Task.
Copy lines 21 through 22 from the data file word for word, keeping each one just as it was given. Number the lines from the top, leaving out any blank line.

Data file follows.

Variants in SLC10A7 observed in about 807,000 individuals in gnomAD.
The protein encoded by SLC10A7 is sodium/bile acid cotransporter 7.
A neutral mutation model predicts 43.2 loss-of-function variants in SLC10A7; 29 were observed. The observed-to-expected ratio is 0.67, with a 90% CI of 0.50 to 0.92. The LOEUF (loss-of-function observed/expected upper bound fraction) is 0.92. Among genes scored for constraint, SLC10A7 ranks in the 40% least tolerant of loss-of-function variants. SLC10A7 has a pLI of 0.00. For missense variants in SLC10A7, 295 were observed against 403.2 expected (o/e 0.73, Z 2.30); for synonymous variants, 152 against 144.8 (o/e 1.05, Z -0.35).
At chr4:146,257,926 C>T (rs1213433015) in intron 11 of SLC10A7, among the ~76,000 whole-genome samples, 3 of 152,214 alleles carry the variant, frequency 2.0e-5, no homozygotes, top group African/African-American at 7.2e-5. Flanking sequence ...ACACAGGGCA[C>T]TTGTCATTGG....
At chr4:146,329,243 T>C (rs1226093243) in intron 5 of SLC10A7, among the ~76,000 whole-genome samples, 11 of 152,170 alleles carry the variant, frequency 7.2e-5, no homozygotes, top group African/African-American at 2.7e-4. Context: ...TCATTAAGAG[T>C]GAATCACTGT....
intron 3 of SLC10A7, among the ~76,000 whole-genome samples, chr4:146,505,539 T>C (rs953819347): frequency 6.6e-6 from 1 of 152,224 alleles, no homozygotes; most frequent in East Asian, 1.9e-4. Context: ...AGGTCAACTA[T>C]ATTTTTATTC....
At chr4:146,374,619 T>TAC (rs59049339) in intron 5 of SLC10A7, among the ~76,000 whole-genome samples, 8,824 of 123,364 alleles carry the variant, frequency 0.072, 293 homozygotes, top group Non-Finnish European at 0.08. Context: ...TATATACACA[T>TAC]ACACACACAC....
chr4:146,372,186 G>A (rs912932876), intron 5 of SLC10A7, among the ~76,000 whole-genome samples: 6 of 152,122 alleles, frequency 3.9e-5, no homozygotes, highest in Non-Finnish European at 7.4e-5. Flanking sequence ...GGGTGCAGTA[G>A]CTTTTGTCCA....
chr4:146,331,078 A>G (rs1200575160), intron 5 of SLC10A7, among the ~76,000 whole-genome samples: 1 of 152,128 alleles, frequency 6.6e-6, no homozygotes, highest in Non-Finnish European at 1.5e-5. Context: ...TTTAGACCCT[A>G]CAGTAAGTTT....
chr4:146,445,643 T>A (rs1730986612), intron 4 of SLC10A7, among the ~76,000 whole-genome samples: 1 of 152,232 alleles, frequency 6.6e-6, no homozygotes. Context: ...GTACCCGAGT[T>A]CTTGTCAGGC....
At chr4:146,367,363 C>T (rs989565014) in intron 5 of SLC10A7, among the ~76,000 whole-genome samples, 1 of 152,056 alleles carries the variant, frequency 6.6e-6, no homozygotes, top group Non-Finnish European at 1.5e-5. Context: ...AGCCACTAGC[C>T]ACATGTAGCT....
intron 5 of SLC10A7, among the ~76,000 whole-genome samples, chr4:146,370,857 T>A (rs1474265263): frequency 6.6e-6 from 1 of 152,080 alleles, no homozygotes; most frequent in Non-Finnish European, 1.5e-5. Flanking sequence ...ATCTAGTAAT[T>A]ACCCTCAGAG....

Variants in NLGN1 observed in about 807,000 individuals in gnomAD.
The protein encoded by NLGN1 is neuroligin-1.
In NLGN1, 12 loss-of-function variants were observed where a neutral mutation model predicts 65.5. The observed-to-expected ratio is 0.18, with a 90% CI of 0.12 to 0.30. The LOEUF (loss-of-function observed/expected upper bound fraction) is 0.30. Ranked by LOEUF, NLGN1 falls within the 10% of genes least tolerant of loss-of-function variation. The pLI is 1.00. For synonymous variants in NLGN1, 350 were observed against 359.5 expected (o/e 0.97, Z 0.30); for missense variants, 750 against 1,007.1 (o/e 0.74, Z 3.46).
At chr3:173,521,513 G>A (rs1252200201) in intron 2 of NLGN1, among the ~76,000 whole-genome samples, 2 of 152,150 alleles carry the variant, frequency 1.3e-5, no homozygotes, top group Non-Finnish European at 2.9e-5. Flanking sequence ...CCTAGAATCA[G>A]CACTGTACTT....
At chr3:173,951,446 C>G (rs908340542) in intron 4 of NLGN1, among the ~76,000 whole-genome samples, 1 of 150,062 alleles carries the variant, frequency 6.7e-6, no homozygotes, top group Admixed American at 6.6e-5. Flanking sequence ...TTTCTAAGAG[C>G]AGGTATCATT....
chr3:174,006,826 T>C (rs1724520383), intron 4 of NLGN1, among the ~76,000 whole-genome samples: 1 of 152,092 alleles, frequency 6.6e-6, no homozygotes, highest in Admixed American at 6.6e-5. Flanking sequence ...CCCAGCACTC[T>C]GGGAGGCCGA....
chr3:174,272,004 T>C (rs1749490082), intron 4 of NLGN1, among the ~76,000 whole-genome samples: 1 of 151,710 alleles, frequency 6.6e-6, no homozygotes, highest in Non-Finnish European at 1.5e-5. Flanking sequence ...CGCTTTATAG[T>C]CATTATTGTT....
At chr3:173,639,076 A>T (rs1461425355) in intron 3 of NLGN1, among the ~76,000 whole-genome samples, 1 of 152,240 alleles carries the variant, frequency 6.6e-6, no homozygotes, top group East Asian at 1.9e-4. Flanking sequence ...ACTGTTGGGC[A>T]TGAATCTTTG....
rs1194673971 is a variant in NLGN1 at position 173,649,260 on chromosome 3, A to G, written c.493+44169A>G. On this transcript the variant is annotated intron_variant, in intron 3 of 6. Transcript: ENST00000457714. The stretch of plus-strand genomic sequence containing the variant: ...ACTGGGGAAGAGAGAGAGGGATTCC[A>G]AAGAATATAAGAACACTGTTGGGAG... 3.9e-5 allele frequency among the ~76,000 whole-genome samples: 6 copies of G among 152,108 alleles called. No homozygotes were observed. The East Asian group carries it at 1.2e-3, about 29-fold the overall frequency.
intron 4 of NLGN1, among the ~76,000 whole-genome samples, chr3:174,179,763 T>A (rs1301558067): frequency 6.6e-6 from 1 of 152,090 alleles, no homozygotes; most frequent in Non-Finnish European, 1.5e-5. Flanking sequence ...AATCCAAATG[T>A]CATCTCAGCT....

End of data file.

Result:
rs1194673971 is a variant in NLGN1 at position 173,649,260 on chromosome 3, A to G, written c.493+44169A>G. On this transcript the variant is annotated intron_variant, in intron 3 of 6. Transcript: ENST00000457714. The stretch of plus-strand genomic sequence containing the variant: ...ACTGGGGAAGAGAGAGAGGGATTCC[A>G]AAGAATATAAGAACACTGTTGGGAG... 3.9e-5 allele frequency among the ~76,000 whole-genome samples: 6 copies of G among 152,108 alleles called. No homozygotes were observed. The East Asian group carries it at 1.2e-3, about 29-fold the overall frequency.
intron 4 of NLGN1, among the ~76,000 whole-genome samples, chr3:174,179,763 T>A (rs1301558067): frequency 6.6e-6 from 1 of 152,090 alleles, no homozygotes; most frequent in Non-Finnish European, 1.5e-5. Flanking sequence ...AATCCAAATG[T>A]CATCTCAGCT....